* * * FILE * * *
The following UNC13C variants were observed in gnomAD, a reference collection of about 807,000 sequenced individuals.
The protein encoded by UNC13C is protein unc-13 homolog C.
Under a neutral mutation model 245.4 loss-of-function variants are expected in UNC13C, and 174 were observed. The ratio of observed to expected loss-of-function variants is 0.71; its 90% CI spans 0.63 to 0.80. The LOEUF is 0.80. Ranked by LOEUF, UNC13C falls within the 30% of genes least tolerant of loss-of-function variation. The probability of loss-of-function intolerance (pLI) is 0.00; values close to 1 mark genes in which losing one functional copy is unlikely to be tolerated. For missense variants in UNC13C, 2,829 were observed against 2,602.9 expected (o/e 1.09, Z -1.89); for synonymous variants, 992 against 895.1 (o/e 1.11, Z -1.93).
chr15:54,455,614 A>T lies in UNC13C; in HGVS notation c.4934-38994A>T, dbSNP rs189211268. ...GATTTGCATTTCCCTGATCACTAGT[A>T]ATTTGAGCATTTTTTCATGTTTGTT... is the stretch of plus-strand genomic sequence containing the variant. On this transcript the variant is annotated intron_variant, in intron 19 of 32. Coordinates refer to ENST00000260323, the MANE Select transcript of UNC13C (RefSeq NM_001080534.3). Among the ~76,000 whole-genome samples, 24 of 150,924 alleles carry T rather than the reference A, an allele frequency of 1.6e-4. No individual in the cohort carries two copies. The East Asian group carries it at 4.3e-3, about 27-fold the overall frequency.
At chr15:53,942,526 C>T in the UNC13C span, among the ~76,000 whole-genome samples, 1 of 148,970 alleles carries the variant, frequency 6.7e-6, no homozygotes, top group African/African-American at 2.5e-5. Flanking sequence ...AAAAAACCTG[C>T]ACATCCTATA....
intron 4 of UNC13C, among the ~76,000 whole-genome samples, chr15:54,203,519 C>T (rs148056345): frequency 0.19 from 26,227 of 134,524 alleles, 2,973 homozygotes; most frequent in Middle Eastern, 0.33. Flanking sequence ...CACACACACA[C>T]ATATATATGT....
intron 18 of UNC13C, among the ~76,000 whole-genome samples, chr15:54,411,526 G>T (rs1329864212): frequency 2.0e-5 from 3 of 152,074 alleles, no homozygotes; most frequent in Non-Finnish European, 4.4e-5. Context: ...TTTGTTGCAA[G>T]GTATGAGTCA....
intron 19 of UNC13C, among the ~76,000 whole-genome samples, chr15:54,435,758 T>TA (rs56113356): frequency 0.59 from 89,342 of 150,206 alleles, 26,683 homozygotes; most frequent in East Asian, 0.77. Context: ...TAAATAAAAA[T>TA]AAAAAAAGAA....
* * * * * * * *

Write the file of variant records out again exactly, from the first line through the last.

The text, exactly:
The following UNC13C variants were observed in gnomAD, a reference collection of about 807,000 sequenced individuals.
The protein encoded by UNC13C is protein unc-13 homolog C.
Under a neutral mutation model 245.4 loss-of-function variants are expected in UNC13C, and 174 were observed. The ratio of observed to expected loss-of-function variants is 0.71; its 90% CI spans 0.63 to 0.80. The LOEUF is 0.80. Ranked by LOEUF, UNC13C falls within the 30% of genes least tolerant of loss-of-function variation. The probability of loss-of-function intolerance (pLI) is 0.00; values close to 1 mark genes in which losing one functional copy is unlikely to be tolerated. For missense variants in UNC13C, 2,829 were observed against 2,602.9 expected (o/e 1.09, Z -1.89); for synonymous variants, 992 against 895.1 (o/e 1.11, Z -1.93).
chr15:54,455,614 A>T lies in UNC13C; in HGVS notation c.4934-38994A>T, dbSNP rs189211268. ...GATTTGCATTTCCCTGATCACTAGT[A>T]ATTTGAGCATTTTTTCATGTTTGTT... is the stretch of plus-strand genomic sequence containing the variant. On this transcript the variant is annotated intron_variant, in intron 19 of 32. Coordinates refer to ENST00000260323, the MANE Select transcript of UNC13C (RefSeq NM_001080534.3). Among the ~76,000 whole-genome samples, 24 of 150,924 alleles carry T rather than the reference A, an allele frequency of 1.6e-4. No individual in the cohort carries two copies. The East Asian group carries it at 4.3e-3, about 27-fold the overall frequency.
At chr15:53,942,526 C>T in the UNC13C span, among the ~76,000 whole-genome samples, 1 of 148,970 alleles carries the variant, frequency 6.7e-6, no homozygotes, top group African/African-American at 2.5e-5. Flanking sequence ...AAAAAACCTG[C>T]ACATCCTATA....
intron 4 of UNC13C, among the ~76,000 whole-genome samples, chr15:54,203,519 C>T (rs148056345): frequency 0.19 from 26,227 of 134,524 alleles, 2,973 homozygotes; most frequent in Middle Eastern, 0.33. Flanking sequence ...CACACACACA[C>T]ATATATATGT....
intron 18 of UNC13C, among the ~76,000 whole-genome samples, chr15:54,411,526 G>T (rs1329864212): frequency 2.0e-5 from 3 of 152,074 alleles, no homozygotes; most frequent in Non-Finnish European, 4.4e-5. Context: ...TTTGTTGCAA[G>T]GTATGAGTCA....
intron 19 of UNC13C, among the ~76,000 whole-genome samples, chr15:54,435,758 T>TA (rs56113356): frequency 0.59 from 89,342 of 150,206 alleles, 26,683 homozygotes; most frequent in East Asian, 0.77. Context: ...TAAATAAAAA[T>TA]AAAAAAAGAA....